As they were downstairs working, I thought, hey!  Wait a minute!  I have carpenters doing things for me!  They could get and hang that for me!  No struggling & planning for Mike & I!  Professionals!  Duh.

So I did!  Texted the boss man- Jim, and one of the guys, Chris,  measured before they left.that same day.  Jim Becker , who owns Jobecks Designs, had done our kitchen remodel some years ago.  Just three days later they installed a wall for me that is approximately 5' X 4', big enough to run the length of my cutting wall.  It's all framed in very pretty--I know for sure Mike & I wouldn't/couldn't have done that!

I forgot to take a BEFORE pic when taking everything down in prep, but did find this older pic, which shows at least part of my cutting tables:

 That picture only shows about HALF of the table top.  There was another organizer that held lots more stuff on the far left, not shown.

Took it all down, everything off the top.  All ready!!



Voila!!

Just starting to hang some things up.  Organizing is fun, but messy
Close up, after most of the hanging up was done---there are two of my favorites, the magnetic tool strip & the little compartment bins.  The small plastic buckets are great too

And look---the top is CLEARED for cutting!
I used the wonderful world-wide web to look for products.  Amazon was my chief source.  Home Depot carries some things, but not in the store, and many of those are aimed at garage organizing.  Some of the garage things work, but they tend to be very large hooks, aimed at holding large heavy items, like bikes & hoses, and tools.   

The trick is figuring out what's going to go on the wall, & what's the best way for it to go there.  I did email Mary Dykstra for a few suggestions & she was very helpful.  Things like pencils or marking tools are best in a small container sitting on a shelf.  There are lots of wonderful shelves--I got a set of three 10" long acrylic shelves.  The clear acrylic is wonderful, you can see what's in it (or on it, as they case may be).  I also have a longer shelf, 24" wide, 4" deep, with closed ends, that I put things in near the top, small jars, more decorative things.  A great 6" acrylic square bin holds my perle cottons & embroidery threads.  Stored up top, cuz I don't use them a lot---I can climb once in awhile!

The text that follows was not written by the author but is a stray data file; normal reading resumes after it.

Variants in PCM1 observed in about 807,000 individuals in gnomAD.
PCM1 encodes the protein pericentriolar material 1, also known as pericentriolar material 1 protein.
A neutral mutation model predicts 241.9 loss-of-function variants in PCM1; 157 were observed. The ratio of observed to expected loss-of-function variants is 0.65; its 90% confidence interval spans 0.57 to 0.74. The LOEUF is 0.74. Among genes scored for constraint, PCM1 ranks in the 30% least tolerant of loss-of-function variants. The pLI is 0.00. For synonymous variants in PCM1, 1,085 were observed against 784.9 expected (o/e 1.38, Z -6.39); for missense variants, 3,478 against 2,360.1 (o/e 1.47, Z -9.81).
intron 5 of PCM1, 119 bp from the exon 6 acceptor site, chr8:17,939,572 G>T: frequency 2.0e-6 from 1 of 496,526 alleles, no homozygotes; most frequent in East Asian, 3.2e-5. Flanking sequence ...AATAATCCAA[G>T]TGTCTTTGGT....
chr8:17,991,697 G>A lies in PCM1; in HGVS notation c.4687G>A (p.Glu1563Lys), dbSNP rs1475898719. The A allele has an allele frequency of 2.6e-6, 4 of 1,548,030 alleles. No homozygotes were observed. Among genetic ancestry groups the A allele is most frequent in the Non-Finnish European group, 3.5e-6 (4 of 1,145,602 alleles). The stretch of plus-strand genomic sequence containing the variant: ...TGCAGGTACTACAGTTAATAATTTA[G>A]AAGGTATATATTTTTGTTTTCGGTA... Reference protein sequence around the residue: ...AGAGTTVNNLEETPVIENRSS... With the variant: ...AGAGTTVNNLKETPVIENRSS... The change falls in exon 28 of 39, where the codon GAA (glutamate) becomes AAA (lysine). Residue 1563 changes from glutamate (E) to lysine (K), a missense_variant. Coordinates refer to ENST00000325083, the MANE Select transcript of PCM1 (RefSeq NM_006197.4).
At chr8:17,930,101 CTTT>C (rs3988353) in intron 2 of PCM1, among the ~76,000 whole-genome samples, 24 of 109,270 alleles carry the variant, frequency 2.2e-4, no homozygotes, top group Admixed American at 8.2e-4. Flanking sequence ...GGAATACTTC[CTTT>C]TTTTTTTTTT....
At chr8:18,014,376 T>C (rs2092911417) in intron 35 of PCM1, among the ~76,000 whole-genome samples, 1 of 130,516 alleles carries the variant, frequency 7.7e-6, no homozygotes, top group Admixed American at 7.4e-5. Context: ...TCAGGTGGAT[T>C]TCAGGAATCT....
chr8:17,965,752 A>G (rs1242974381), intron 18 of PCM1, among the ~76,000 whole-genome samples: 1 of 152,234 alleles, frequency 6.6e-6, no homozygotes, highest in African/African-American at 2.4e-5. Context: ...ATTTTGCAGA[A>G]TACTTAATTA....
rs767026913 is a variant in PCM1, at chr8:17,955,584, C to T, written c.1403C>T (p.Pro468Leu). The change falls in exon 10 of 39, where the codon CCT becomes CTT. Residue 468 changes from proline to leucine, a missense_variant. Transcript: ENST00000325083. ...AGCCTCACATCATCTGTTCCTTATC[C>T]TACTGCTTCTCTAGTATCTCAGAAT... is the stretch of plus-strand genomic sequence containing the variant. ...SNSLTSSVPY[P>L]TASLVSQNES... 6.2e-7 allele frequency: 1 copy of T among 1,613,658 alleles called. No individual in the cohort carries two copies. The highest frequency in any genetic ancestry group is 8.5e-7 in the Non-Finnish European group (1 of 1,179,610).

Amazon had as a vendor a place called Retail Resource.  Their quality was very good & they were very fast, so the next time I ordered from them, I ordered directly & saved a little money.

Some of my favorite:  The magnetic tool strip---going to have four of these altogether, remember I am buying for TWO slat walls, the basement & my studio.  It's nice to be able to order more, see how you can use, how well does it suit your purpose.  If I can't use it one place, I can probably use it in the  other.  The magnetic tool strip holds scissors, both for paper & for fabric, drawing compass, & magnetic pincushion.  Plastic bins of different sizes.  Acrylic Magazine rack, although the one I got (not from Retail Resource) had the part that tips into the slat wall come off immediately--dismaying.  I re-glued it & am hoping for the best.  Meanwhile, I am waiting a couple of wire baskets that go in to the slatwall that might be better for patterns or books I want close at hand.  Those little acrylic boxes divided into 4 compartments each--great for small stuff!  The 10" shelves were wonderful.

One of the nice things about slatwall is that you can slide the container over a bit if it's not quite where you want it.  If you want it higher or lower, you do have to take it out & move it.  On pegboard, the item MUST come out all the way and get re-stuck in the proper holes.  That's one of the reasons I liked the slat wall systems better, just tip it in, slide it over.   I worried that it would be hard to GET the things to go in the slat wall, pegboard being maybe more universal.  But it was very easy peasy & there are lots of great products.    Just ask my UPS deliveryman---he's been here a lot lately!!

Best of all, I can move things around as my needs or wants change.  It will be a work in progress.  Wait,  Oh no.  ANOTHER WIP???  But in a good way.